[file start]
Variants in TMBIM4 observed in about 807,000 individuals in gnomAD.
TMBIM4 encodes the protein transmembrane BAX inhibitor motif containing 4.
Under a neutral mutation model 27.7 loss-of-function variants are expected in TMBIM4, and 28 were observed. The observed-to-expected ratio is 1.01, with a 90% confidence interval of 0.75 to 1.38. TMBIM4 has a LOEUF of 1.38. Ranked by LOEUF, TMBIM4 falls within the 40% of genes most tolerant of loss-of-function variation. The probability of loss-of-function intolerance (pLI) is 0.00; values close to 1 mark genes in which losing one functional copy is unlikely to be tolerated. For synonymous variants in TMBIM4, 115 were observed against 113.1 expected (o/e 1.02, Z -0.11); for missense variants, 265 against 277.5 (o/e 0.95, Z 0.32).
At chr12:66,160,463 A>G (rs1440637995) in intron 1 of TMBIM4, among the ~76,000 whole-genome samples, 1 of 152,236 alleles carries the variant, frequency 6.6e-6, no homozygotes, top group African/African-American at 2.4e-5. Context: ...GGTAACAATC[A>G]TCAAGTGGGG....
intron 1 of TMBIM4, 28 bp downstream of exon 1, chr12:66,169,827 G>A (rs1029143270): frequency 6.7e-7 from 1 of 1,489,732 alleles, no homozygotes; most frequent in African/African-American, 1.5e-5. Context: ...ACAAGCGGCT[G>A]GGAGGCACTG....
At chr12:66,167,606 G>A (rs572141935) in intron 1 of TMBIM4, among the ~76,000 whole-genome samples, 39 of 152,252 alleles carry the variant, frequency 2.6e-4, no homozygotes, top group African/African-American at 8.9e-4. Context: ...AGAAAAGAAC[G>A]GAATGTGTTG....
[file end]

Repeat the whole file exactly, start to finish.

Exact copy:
Variants in TMBIM4 observed in about 807,000 individuals in gnomAD.
TMBIM4 encodes the protein transmembrane BAX inhibitor motif containing 4.
Under a neutral mutation model 27.7 loss-of-function variants are expected in TMBIM4, and 28 were observed. The observed-to-expected ratio is 1.01, with a 90% confidence interval of 0.75 to 1.38. TMBIM4 has a LOEUF of 1.38. Ranked by LOEUF, TMBIM4 falls within the 40% of genes most tolerant of loss-of-function variation. The probability of loss-of-function intolerance (pLI) is 0.00; values close to 1 mark genes in which losing one functional copy is unlikely to be tolerated. For synonymous variants in TMBIM4, 115 were observed against 113.1 expected (o/e 1.02, Z -0.11); for missense variants, 265 against 277.5 (o/e 0.95, Z 0.32).
At chr12:66,160,463 A>G (rs1440637995) in intron 1 of TMBIM4, among the ~76,000 whole-genome samples, 1 of 152,236 alleles carries the variant, frequency 6.6e-6, no homozygotes, top group African/African-American at 2.4e-5. Context: ...GGTAACAATC[A>G]TCAAGTGGGG....
intron 1 of TMBIM4, 28 bp downstream of exon 1, chr12:66,169,827 G>A (rs1029143270): frequency 6.7e-7 from 1 of 1,489,732 alleles, no homozygotes; most frequent in African/African-American, 1.5e-5. Context: ...ACAAGCGGCT[G>A]GGAGGCACTG....
At chr12:66,167,606 G>A (rs572141935) in intron 1 of TMBIM4, among the ~76,000 whole-genome samples, 39 of 152,252 alleles carry the variant, frequency 2.6e-4, no homozygotes, top group African/African-American at 8.9e-4. Context: ...AGAAAAGAAC[G>A]GAATGTGTTG....